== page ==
A Comprehensive Guide to Paying Off Your Student Loans
By Joe Messinger, CFP®
January 17, 2020
In today’s world, the existence of student loans is more common than ever. With 45 million borrowers, the chances are good that most college graduates will have some amount of loan debt. We are finding that student loan debt is preventing people from other life choices like buying a home, getting married, having children, or saving for retirement. So after you leave college, what happens next? What are some smart ways to manage and pay off this debt burden?
Is paying off students loans early a good idea?
Maybe. You will save thousands of dollars in interest. Once the loans are gone, not living with the month-to-month debt obligation increases your cash flow for other things. Having a lower debt-to-income ratio makes it easier to get a loan for a house, make other purchases, or build your wealth and save for retirement. If you are a worrier (and even if you’re not), having lower (or no) debt can be good for your health. The financial burden of debt is stressful for most people. Living debt free can be extremely liberating.
Are there drawbacks to paying off loans early?
You lose the tax deduction on student loan interest you might receive. In 2020, the IRS allows for taxpayers to claim up to $2,500 in paid student loan interest payments on federal taxes. Both federal and private student loans qualify for this deduction.
Each person should strive to have an emergency fund of money set aside. A good starting target for the fund is enough money to cover three months of expenses. Paying off your student loan early can prevent saving for emergencies.
Finally, student loan interest rates are usually pretty low compared to other forms of debt. If you are straddled with credit cards or car loans, paying off these debts first makes better financial sense. Pay the minimum amount due on your lower interest rate loans and apply any “extra payment” you can work into your budget towards the highest interest loan until it is paid off. Then repeat this process to eliminate the next highest interest rate obligation, and so on.
How to make the final decision about paying off your loan early?
The final decision of whether or not to pay off your student loan debt early depends on your financial situation.
- Do you have money saved for emergencies?
- Are you saving at least up to the company match in your work retirement plan?
- Have you paid off any higher interest debt like credit cards?
- What are your long-term financial goals?
- Is the interest rate on your loan higher than the potential rate you could be earning on that money if you invested it?
- Would you be happier knowing that your debt is paid off even if that money could be earning slightly more for you invested?
If you decide to pay off your loans early, contact your loan servicer to find out how they handle extra student loan payments. Will they apply it to the balance? Make sure they are applying any extra payments to the principal. You can set up automatic payments at a higher amount and not have to think about it each month. Alternatively, you could make payments every two weeks instead of once a month. Since interest accrues on a daily basis, make payments at the beginning of the month to shave a bit off the principal.
Tackling those student loan payments
If you skimmed through that first section and thought “pay off early?! I’m just trying to get by!”, don’t worry. You are not alone. You are the majority. What can be done?
You have to face this challenge head on and accept responsibility. Paying off debt is challenging but not impossible. Create a budget and live within your means. Find creative ways to reduce your expenses like making your own coffee at home, packing your lunch, taking the bus instead of an Uber. A lot of little things can add up. Check out our budget worksheet you can use. A great free online tool for budgeting and staying up to date on your spending is Mint.com.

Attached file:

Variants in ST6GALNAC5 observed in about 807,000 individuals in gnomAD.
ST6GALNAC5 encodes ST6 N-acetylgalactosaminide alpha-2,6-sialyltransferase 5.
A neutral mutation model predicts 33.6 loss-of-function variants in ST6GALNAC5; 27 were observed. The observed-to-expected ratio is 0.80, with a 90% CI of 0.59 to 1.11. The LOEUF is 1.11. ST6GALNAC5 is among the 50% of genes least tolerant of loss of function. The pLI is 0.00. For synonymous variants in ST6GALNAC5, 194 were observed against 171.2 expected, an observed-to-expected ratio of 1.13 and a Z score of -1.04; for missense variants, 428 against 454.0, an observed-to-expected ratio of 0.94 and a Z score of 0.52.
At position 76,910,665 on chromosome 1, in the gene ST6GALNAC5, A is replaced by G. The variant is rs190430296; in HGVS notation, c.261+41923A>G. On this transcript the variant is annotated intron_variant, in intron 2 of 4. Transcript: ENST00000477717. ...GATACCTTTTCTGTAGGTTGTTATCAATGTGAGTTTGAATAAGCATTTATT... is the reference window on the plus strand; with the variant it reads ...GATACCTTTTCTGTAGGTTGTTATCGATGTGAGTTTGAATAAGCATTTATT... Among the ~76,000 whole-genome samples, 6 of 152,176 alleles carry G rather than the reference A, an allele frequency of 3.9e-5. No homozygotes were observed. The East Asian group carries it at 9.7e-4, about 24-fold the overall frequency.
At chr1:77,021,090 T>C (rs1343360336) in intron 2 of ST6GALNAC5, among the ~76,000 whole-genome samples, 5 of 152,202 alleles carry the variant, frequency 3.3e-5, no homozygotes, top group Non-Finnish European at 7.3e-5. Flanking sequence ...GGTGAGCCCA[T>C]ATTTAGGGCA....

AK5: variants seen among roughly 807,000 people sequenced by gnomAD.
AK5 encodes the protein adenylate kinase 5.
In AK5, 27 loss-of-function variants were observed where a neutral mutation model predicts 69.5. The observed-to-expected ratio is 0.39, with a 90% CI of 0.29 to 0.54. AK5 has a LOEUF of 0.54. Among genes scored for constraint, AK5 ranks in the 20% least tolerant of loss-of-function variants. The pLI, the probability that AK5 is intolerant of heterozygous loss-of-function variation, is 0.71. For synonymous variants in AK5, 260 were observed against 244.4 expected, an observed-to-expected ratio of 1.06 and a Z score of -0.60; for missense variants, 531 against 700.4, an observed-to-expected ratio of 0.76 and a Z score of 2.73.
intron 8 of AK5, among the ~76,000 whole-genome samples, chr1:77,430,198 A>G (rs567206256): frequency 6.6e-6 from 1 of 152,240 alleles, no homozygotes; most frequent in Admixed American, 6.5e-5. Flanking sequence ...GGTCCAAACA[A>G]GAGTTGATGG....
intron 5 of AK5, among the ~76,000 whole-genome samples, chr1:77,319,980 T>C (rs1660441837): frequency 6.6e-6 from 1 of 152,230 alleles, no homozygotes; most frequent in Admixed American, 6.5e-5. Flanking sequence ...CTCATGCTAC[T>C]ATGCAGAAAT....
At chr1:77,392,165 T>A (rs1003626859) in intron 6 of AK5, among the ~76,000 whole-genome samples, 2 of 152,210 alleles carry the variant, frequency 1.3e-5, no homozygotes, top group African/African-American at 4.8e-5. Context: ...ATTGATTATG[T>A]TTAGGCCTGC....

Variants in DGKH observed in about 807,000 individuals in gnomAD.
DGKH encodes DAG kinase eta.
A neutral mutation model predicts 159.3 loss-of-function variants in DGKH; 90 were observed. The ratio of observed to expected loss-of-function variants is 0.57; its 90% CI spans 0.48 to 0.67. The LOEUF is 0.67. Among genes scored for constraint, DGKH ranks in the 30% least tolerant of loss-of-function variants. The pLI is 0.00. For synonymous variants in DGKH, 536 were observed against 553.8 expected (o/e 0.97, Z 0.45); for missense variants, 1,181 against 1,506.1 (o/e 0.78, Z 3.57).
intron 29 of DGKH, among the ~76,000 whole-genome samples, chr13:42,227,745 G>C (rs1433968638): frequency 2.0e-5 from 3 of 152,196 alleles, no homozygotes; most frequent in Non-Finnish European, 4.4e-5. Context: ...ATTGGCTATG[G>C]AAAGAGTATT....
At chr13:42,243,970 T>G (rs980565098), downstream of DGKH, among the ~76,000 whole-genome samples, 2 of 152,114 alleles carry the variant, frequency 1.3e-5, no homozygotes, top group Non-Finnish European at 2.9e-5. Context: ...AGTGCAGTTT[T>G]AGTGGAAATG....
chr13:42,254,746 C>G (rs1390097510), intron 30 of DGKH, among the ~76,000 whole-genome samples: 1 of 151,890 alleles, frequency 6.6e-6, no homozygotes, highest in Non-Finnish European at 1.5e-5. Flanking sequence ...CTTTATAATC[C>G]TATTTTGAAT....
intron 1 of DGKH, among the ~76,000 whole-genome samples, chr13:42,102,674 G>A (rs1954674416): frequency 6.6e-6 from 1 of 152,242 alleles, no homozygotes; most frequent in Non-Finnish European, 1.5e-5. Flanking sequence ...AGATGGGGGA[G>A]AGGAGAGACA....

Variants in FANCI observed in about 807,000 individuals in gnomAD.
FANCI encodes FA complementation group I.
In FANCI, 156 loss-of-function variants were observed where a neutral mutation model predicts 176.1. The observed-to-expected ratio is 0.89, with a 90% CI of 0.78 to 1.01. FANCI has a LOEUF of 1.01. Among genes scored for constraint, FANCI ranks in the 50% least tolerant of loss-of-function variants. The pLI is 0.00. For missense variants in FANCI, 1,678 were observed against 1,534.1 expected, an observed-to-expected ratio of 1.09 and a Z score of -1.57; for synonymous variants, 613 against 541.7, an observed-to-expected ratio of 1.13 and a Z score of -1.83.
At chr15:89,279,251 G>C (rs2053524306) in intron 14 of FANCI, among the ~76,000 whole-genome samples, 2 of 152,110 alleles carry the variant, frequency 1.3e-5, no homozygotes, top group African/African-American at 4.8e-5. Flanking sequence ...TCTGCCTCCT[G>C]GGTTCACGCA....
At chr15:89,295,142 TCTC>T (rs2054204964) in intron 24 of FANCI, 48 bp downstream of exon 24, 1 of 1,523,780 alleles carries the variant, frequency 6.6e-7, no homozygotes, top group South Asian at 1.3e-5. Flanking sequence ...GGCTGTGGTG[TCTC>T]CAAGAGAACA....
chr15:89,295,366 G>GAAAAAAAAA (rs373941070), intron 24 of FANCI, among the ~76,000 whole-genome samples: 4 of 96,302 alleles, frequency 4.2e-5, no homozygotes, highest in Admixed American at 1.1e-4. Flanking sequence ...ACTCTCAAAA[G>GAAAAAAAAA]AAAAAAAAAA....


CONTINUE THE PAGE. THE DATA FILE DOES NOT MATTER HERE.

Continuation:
Exploring the various repayment options
If you haven’t already, take the time to explore the variety of repayment options. Besides the Standard Repayment Plan, Federal Direct Stafford Loans have several different repayment options to reduce your monthly payment. But proceed with caution; the longer you stretch out your payments, the more interest you will have to pay over the life of the loan. You can choose:
- a graduated payment plan to lower payments at first and increase them gradually every 2 years
- an extended repayment plan to stretch the payments out evenly over 25 years
- a variety of income based (IBR) and pay as you earn repayment plans.
The Standard Repayment Plan
All borrowers of an eligible federal student loan are automatically enrolled in the Standard Repayment Plan if no other plan is selected. The repayment terms is 10 years. Your payment will be at least $50 per month. A standard plan is paid off quicker than the other plans with a lower total interest amount. Because of the shorter time frame, your monthly payments will be higher.
The Graduated Repayment Plan
All borrowers of an eligible federal student loan are eligible for this plan. The graduated plan allows up to 10 years to repay, and your payments start low and increase every two years. Under this plan, you’ll pay more in total than under the 10-year Standard Repayment plan.
The Extended Repayment Plan
All borrowers of an eligible federal student loan are eligible for this plan. The balance due on your loan must be more than $30,000. Payments may be fixed or graduated amounts with an extended term of 25 years. The monthly payment amount is determined based on how much needs to be paid to finish paying it off in 25 years. Generally, payments made under the Extended Repayment Plan will be less than the Standard or Graduated Plans detailed above; however, you will pay more for your loan over time.
Income Based Repayment Plans
Plans based on your income also exist, and depending on your income, your monthly payment may be as low as $0. Income-based repayment plans have been expanded significantly just in the last few years. If you have not explored this option recently it may be worth another look.